Gilt-head Seabream

LAT Sparus aurata
FRA Dorade Royale
ITA Orata
ESP Dorada
GER Goldbrasse

A Classic of Mediterranean Cuisine

The gilt-head bream, particularly in the Mediterranean region, is considered one of the finest edible fish. Its white flesh is aromatic, juicy, and tender. Gilt-head bream is especially recommended for preparation as a whole in the oven or on the grill. The roasting aromas bring out its flavor beautifully, leaving the meat wonderfully juicy.

Good to know: The brighter the golden band on its head shines, the fresher the gilt-head bream.

The majority of available gilt-head bream comes from aquaculture in the Mediterranean. While they don’t reach the same quality as wild-caught fish, they are characterized by softer and fattier flesh with a one-dimensional flavor profile.


All year round

Interesting to Know

The gilt-head bream is primarily found in the Mediterranean and the Atlantic, from the Canary Islands to Great Britain, where it tends to be solitary and active during the day. It prefers coastal areas with sandy, gravelly, and rocky substrates at depths of up to 150 meters. Its diet mainly consists of snails, mussels, and various crustaceans, which the gilt-head bream can crack open with its sharp teeth and strong jaws. Additionally, smaller fish or cephalopods such as cuttlefish or squid are also hunted.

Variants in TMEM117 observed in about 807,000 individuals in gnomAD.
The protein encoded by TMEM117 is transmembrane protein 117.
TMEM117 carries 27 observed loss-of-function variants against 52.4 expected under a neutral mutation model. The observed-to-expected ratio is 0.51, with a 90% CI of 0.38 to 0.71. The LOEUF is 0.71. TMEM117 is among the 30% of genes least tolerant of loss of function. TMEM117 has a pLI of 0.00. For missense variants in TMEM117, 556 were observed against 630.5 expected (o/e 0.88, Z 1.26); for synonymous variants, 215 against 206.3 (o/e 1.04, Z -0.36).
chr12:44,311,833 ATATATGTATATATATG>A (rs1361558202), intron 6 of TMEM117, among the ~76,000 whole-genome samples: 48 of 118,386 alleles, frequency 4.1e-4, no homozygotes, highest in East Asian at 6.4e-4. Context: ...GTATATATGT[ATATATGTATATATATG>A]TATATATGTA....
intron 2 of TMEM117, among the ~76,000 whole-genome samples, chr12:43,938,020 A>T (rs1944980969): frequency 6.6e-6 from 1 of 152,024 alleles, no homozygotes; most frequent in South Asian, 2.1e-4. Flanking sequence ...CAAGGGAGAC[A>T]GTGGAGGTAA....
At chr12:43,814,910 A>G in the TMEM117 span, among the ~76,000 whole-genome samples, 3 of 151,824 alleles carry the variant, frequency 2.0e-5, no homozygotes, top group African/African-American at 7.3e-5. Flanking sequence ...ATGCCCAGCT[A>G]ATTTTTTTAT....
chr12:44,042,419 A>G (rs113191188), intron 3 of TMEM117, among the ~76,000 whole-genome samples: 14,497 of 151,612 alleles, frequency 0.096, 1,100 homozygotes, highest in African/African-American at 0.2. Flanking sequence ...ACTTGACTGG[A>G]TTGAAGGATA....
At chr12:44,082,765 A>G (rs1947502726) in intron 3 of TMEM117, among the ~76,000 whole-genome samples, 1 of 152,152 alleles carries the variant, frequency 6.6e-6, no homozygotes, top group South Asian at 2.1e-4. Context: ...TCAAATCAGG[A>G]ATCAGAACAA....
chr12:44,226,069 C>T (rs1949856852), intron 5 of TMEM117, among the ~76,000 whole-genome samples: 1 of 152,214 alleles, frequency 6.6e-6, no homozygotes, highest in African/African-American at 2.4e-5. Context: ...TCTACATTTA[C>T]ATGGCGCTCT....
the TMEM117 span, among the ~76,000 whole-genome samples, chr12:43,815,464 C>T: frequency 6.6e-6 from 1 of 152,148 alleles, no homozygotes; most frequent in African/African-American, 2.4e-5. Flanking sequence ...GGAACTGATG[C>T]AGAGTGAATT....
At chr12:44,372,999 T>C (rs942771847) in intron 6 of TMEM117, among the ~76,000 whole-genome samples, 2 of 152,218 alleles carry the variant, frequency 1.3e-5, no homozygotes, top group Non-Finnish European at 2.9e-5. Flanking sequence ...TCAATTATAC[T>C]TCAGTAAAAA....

Large specimens can weigh up to 2.5 kg and reach a length of 70 cm, although those available in the market are typically smaller. Interestingly, the hermaphroditic gilt-head bream is initially male in the first two years at a length of approximately 20 to 30 cm, then transitions to female. The spawning season occurs between June and November, depending on the population.

Fisheries and Sustainability

Gilt-head bream is primarily caught using longlines, set nets, or trawl nets.

The stocks of gilt-head bream are not systematically recorded but are generally considered stable. Since the data is uncertain, the fishing method and the size of the caught fish are of great importance. The size of the landed fish can provide information about the population structure. For instance, the capture of mainly small, non-reproductive fish could be an indicator of overfishing.